The time-honored tones of the baroque period are primed and ready to close out the academic year at UNC.
In its last show of the semester, the music department’s Baroque Ensemble will be performing a free spring concert for students and music lovers alike on campus Friday night.
The concert will be focused on the French influence in European Baroque music, and performed entirely to tradition.
“We all play on period instruments,” said Brent Wissick, music professor and ensemble director. “When we use violins and cellos, they’re strung with gut strings, and we only use styles and techniques known from that time. It’s really authentic.”
Wissick travels around the world as a teacher and researcher of baroque performance, and has been a part of the UNC faculty for 32 years.
He said he founded the Baroque ensemble over his last 15 years at the school, and that while the music is about honoring traditional styles of performance, he still wants its work to be appreciated in a modern context.
“We want it to still be a living ensemble made up of musicians from the year 2014,” he said. “We’re not trying to be sterile reproducers of this music, we’re trying to figure out how this music relates to us right now.”
The ensemble is a mixture of music and non-music majors who share a common interest in the baroque period’s unique sound.
The main instruments they feature are the baroque cello, harpsichord and viola de gamba, all of which require a traditional expertise to play.
“A lot of players are generally modern violinists or cellists, so you kind of have to re-learn to play your instrument,” said junior music major Robert Garbarz. “There are a lot of rules that go into it, so from day one we had to learn about all the minute details that go into the style.”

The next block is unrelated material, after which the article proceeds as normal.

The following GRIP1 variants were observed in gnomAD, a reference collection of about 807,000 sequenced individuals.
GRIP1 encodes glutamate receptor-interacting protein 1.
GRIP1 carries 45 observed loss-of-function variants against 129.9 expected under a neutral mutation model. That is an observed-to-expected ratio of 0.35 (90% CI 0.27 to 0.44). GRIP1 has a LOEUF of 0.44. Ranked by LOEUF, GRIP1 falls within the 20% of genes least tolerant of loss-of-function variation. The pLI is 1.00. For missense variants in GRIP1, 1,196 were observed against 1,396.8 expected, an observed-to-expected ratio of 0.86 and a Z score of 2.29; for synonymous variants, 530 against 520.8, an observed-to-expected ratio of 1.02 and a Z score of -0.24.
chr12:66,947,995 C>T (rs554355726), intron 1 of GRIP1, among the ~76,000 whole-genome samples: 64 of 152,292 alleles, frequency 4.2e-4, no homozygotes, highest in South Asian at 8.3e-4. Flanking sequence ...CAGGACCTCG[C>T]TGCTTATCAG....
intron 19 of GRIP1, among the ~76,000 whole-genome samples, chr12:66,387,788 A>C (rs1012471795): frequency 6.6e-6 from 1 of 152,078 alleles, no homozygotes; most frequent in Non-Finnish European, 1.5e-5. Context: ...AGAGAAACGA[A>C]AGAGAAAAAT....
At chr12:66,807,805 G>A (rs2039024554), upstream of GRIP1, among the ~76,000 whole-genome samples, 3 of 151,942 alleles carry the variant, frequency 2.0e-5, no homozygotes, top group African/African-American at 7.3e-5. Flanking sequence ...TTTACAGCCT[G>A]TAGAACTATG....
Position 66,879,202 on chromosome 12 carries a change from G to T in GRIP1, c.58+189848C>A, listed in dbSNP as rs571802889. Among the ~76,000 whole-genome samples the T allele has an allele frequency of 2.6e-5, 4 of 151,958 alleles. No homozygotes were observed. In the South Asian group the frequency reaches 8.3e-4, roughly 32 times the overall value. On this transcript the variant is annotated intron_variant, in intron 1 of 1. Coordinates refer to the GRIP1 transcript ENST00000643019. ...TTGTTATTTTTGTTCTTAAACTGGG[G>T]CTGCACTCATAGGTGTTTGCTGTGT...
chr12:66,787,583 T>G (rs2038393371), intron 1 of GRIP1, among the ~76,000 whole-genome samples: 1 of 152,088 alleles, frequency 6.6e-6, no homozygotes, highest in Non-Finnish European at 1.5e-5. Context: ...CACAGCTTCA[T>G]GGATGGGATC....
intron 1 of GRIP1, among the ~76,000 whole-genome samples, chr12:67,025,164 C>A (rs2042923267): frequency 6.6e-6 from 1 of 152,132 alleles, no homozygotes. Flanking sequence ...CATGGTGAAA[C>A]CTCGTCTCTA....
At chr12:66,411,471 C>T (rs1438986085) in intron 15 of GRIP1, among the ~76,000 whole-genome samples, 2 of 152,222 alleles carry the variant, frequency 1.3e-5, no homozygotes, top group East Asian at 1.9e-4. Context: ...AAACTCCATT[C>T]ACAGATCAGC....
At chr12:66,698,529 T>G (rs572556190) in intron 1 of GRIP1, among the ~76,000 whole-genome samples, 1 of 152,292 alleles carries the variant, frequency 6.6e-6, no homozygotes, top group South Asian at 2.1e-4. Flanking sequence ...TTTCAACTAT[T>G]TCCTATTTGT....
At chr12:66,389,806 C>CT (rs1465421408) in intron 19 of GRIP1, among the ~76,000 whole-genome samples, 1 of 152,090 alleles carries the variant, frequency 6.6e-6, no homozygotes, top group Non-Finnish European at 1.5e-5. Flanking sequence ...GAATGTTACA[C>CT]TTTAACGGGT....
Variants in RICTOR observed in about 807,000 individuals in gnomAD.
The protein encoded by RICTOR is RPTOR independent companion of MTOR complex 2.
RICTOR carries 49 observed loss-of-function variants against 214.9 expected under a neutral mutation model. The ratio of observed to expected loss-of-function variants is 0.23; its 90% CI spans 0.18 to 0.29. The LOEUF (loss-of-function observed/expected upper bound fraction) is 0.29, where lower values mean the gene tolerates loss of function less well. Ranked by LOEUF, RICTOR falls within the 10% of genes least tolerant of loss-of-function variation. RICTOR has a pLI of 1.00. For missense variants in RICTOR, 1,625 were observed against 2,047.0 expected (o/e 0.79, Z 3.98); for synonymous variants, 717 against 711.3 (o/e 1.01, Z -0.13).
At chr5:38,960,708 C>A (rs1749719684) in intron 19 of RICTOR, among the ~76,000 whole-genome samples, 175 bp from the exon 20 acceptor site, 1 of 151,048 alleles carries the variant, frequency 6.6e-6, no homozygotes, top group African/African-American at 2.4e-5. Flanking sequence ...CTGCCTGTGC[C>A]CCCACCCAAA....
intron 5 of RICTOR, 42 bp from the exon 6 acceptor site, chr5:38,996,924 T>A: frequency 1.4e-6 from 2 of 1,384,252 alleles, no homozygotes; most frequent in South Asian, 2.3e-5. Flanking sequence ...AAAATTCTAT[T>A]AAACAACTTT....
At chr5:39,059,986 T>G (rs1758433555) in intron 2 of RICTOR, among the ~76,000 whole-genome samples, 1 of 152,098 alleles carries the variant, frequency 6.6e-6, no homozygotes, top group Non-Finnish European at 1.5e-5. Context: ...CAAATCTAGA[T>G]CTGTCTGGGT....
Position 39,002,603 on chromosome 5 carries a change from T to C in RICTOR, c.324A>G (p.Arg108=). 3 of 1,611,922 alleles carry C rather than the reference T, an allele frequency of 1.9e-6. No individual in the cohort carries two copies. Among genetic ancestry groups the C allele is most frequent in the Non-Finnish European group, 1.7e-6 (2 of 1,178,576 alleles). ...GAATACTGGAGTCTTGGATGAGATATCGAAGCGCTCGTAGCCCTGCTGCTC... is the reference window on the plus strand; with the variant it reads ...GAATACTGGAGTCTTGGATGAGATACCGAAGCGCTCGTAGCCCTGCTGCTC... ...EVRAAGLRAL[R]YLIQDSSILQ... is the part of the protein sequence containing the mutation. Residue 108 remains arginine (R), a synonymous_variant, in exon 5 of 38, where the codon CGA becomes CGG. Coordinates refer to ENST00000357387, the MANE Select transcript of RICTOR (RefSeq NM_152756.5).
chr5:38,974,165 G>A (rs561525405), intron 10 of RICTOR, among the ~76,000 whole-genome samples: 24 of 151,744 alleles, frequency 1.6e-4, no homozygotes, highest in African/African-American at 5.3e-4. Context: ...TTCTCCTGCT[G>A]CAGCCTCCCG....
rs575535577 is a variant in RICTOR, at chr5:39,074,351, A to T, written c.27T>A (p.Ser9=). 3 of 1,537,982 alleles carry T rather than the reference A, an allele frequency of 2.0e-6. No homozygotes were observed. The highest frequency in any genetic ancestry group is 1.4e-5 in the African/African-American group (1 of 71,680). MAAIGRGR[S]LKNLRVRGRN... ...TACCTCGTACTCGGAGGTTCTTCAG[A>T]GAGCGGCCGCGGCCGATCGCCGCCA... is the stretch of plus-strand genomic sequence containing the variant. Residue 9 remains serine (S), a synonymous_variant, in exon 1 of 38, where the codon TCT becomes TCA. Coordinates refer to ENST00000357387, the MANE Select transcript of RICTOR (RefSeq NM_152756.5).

Garbarz said an important element of playing a baroque piece is trying to examine the original intent of the composer by playing the piece the way it was intended.
He cited the Baroque ensemble as being UNC’s premiere source for historically informed musical performance.
“It’s the sound they would have heard when they wrote the pieces,” he said. “The idea is recreating that sound. (Baroque orchestras) are tuned to different pitches than modern orchestras, so it’s a really different musical environment.”
Wissick said the distinctive music was known as a royal sound in its era, and played in courts across 17th and 18th century Europe.
Despite baroque music’s formality, he said the liveliness of the performances has earned the ensemble a fairly large and diverse audience.
“We’ve developed quite a nice following for our concerts, and I think that’s because we try and make them into real happenings,” Wissick said. “We want them to be something more than entertainment. We want them to be something serious, but fun. A challenge for the mind and a pleasure for the ear.”
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